Prevention of the development of a deep vein thrombosis
Almost all pulmonary emboli are thrombi that arise from deep-vein thrombosis in the lower and upper extremities. The presence of thrombosis in the deep veins of the legs or pelvis often is unsuspected until an embolism occurs.
Common results of respiratory failure are hypoxemia and which of the following?
d. Pulmonary emboli
The common result of respiratory failure is hypoxemia, or low level of oxygen in the blood, and hypercapnia, or excess carbon dioxide in the blood. Acute hypoxia incites sympathetic nervous system responses such as tachycardia. Hypercapnia refers to an increase in carbon dioxide levels. The manifestations of hypercapnia consist of those associated with the vasodilation of blood vessels, including those in the brain and depression of the central nervous system (e.g., carbon dioxide narcosis). Thrombus formation in pulmonary vessels is unrelated to ventilation failure.
An asthmatic patient comes to the emergency department very anxious due to increasing shortness of breath. Physical assessment reveals tachypnea, and an arterial blood gas shows decreased carbon dioxide levels and hypoxemia. Which of the following is the most likely cause?
Nonpharmacological management of asthma includes relaxation techniques and controlled breathing, which often help to allay the panic and anxiety that aggravate breathing difficulties. The hyperventilation that often accompanies anxiety and panic is known to act as an asthmatic trigger.
A client with a history of heart failure and COPD (caused by 60 pack/year smoking) presents to the clinic with the following complaints: auscultation of breath sounds reveal absent/diminished breath sounds in the right lower lobe. Which other manifestations lead the health care provider to suspect the client may have developed atelectasis? Select all that apply.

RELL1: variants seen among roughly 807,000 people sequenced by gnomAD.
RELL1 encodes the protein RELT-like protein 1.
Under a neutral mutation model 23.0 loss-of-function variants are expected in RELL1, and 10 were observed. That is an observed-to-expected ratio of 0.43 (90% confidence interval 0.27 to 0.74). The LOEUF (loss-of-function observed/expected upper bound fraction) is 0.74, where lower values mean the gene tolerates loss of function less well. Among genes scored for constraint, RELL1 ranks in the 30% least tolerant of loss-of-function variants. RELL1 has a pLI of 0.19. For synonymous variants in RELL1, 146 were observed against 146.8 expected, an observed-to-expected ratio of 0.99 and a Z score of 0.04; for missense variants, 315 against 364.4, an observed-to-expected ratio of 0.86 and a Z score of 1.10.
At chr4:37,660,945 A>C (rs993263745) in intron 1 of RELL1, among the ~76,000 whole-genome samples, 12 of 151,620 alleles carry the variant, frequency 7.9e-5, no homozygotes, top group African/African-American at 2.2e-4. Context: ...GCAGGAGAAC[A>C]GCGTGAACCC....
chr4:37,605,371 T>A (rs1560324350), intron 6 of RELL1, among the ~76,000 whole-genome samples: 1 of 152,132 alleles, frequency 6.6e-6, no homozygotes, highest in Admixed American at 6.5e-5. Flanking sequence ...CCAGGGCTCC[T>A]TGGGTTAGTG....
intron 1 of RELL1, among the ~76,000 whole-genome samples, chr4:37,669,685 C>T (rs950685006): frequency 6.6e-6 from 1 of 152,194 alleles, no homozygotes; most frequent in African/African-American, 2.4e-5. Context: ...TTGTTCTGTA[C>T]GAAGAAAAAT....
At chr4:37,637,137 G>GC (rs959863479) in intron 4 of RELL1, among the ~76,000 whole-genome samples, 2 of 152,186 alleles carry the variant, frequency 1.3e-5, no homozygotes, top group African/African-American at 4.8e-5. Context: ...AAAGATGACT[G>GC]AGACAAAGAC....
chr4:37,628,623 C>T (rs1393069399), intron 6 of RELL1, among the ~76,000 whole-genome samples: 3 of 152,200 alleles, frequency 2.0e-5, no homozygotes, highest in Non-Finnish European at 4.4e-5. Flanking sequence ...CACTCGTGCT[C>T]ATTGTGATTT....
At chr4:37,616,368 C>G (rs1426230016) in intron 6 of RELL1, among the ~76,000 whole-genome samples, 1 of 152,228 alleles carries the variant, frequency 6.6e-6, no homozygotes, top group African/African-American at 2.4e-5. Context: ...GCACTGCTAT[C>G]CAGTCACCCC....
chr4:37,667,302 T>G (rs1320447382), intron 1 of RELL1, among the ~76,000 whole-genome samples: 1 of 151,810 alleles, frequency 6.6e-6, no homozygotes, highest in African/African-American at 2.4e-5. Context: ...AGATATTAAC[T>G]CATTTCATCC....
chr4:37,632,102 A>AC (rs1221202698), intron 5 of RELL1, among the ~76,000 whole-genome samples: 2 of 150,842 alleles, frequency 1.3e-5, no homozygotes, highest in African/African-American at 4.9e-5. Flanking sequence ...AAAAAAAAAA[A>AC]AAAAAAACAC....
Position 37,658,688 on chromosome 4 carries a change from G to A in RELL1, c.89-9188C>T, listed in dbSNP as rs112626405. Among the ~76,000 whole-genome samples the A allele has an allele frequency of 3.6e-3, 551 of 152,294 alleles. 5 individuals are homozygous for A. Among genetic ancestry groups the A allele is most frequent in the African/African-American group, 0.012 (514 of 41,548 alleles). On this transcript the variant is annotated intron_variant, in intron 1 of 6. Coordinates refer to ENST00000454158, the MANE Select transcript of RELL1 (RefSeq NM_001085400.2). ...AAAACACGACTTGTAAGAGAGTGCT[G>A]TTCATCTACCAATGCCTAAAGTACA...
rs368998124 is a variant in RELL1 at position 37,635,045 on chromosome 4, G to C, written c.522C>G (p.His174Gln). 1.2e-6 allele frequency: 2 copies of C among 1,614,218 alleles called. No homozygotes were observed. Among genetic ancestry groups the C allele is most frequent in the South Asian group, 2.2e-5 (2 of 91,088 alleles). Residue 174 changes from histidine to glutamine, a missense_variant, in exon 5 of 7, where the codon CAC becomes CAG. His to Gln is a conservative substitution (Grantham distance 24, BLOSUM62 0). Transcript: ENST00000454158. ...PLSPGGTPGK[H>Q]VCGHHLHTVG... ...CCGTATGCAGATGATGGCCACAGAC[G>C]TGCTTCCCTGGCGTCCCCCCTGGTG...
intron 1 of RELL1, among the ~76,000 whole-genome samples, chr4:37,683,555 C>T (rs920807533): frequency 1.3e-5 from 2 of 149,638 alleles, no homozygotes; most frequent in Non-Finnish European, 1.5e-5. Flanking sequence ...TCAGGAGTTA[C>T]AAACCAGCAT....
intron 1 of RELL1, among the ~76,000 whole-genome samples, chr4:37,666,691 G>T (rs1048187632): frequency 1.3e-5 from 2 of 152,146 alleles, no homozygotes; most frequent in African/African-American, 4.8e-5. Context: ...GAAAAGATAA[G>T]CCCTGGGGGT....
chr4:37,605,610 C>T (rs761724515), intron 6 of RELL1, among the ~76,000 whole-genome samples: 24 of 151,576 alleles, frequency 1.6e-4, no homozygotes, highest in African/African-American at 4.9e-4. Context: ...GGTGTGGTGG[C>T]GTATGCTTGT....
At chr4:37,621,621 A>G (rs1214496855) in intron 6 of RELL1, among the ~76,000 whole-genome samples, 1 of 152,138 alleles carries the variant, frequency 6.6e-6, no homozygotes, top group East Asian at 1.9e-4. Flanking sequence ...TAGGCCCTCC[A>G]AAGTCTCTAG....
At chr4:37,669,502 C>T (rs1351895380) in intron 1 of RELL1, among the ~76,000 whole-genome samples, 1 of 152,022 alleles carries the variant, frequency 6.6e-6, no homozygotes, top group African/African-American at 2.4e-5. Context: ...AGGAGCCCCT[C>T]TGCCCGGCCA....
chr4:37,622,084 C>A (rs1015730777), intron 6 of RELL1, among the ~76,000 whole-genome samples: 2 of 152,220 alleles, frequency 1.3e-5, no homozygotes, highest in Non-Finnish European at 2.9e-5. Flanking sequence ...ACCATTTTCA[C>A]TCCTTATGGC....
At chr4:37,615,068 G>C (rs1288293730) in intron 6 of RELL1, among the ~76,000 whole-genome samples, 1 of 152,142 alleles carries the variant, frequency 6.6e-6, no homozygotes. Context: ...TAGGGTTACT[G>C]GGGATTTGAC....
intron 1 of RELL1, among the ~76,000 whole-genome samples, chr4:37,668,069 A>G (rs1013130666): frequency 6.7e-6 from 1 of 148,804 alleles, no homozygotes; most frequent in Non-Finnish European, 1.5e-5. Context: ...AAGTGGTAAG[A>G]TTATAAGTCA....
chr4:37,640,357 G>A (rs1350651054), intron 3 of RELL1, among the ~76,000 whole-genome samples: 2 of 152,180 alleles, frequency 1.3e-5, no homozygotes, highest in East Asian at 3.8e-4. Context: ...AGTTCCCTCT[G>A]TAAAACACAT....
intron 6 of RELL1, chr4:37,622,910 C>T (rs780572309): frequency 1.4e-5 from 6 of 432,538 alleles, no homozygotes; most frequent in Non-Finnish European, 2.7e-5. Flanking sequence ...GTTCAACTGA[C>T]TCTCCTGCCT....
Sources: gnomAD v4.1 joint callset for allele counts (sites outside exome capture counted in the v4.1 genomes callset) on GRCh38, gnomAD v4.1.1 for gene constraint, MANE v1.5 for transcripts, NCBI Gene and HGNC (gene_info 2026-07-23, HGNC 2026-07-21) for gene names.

a. Respiratory rate—32; pulse rate—122 beats/minute.
b. "Having a hard time catching my breath."
c. "Seems like I'm not making much water (decreased urine production)."
d. Using accessory muscles to help him breathe.
e. Copious amounts of thick, green sputum.
Respiratory rate—32; pulse rate—122 beats/minute.
"Having a hard time catching my breath."
Using accessory muscles to help him breathe.
Atelectasis is caused most commonly by airway obstruction rather than a vascular obstruction. The clinical manifestations of atelectasis include tachypnea (respiratory rate of 32), tachycardia (pulse rate of 122) dyspnea (hard time catching breath), cyanosis, signs of hypoxemia, diminished chest expansion, absence of breath sounds, and intercostal retractions (use of accessory muscles). Both chest expansion and breath sounds are decreased on the affected side. There may be intercostal retraction (pulling in of the intercostal spaces) over the involved area during inspiration. Urine production is not related to atelectasis. Copious green sputum is associated with infection.